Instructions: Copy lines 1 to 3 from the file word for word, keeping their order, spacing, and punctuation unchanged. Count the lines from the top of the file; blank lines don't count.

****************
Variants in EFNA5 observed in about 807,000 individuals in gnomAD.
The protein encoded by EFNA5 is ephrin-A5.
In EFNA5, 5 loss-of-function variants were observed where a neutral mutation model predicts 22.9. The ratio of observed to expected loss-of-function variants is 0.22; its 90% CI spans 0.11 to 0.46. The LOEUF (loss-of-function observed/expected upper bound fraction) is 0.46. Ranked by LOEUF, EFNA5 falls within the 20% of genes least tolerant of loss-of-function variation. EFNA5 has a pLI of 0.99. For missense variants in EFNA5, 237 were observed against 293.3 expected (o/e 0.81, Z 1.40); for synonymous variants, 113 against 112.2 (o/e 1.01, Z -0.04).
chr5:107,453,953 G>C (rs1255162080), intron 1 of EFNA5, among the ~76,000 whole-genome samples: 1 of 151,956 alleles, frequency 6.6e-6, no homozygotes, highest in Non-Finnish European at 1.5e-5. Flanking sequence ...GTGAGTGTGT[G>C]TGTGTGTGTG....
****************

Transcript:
Variants in EFNA5 observed in about 807,000 individuals in gnomAD.
The protein encoded by EFNA5 is ephrin-A5.
In EFNA5, 5 loss-of-function variants were observed where a neutral mutation model predicts 22.9. The ratio of observed to expected loss-of-function variants is 0.22; its 90% CI spans 0.11 to 0.46. The LOEUF (loss-of-function observed/expected upper bound fraction) is 0.46. Ranked by LOEUF, EFNA5 falls within the 20% of genes least tolerant of loss-of-function variation. EFNA5 has a pLI of 0.99. For missense variants in EFNA5, 237 were observed against 293.3 expected (o/e 0.81, Z 1.40); for synonymous variants, 113 against 112.2 (o/e 1.01, Z -0.04).